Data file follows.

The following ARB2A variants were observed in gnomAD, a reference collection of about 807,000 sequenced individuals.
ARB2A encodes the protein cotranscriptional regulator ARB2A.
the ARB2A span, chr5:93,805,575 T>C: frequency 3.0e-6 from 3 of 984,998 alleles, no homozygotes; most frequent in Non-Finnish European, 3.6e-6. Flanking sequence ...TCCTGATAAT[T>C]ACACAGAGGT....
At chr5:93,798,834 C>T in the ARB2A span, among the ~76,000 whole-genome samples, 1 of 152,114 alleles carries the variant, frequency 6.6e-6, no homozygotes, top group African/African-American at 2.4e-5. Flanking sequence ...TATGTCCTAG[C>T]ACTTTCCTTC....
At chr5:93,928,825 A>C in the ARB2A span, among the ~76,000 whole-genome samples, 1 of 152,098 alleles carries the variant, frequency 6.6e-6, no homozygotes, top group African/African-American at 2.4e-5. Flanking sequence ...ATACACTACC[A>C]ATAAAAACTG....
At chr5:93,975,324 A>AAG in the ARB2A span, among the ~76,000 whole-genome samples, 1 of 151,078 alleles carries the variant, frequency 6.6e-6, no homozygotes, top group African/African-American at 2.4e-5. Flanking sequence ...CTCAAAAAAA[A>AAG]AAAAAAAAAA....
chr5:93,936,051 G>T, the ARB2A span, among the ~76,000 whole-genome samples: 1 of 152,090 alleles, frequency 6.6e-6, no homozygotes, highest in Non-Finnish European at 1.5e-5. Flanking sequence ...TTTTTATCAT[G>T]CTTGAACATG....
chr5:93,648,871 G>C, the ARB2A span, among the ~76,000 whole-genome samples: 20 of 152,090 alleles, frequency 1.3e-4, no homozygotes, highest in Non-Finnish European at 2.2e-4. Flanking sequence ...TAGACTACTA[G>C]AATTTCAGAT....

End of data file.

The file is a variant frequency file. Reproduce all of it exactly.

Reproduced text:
The following ARB2A variants were observed in gnomAD, a reference collection of about 807,000 sequenced individuals.
ARB2A encodes the protein cotranscriptional regulator ARB2A.
the ARB2A span, chr5:93,805,575 T>C: frequency 3.0e-6 from 3 of 984,998 alleles, no homozygotes; most frequent in Non-Finnish European, 3.6e-6. Flanking sequence ...TCCTGATAAT[T>C]ACACAGAGGT....
At chr5:93,798,834 C>T in the ARB2A span, among the ~76,000 whole-genome samples, 1 of 152,114 alleles carries the variant, frequency 6.6e-6, no homozygotes, top group African/African-American at 2.4e-5. Flanking sequence ...TATGTCCTAG[C>T]ACTTTCCTTC....
At chr5:93,928,825 A>C in the ARB2A span, among the ~76,000 whole-genome samples, 1 of 152,098 alleles carries the variant, frequency 6.6e-6, no homozygotes, top group African/African-American at 2.4e-5. Flanking sequence ...ATACACTACC[A>C]ATAAAAACTG....
At chr5:93,975,324 A>AAG in the ARB2A span, among the ~76,000 whole-genome samples, 1 of 151,078 alleles carries the variant, frequency 6.6e-6, no homozygotes, top group African/African-American at 2.4e-5. Flanking sequence ...CTCAAAAAAA[A>AAG]AAAAAAAAAA....
chr5:93,936,051 G>T, the ARB2A span, among the ~76,000 whole-genome samples: 1 of 152,090 alleles, frequency 6.6e-6, no homozygotes, highest in Non-Finnish European at 1.5e-5. Flanking sequence ...TTTTTATCAT[G>T]CTTGAACATG....
chr5:93,648,871 G>C, the ARB2A span, among the ~76,000 whole-genome samples: 20 of 152,090 alleles, frequency 1.3e-4, no homozygotes, highest in Non-Finnish European at 2.2e-4. Flanking sequence ...TAGACTACTA[G>C]AATTTCAGAT....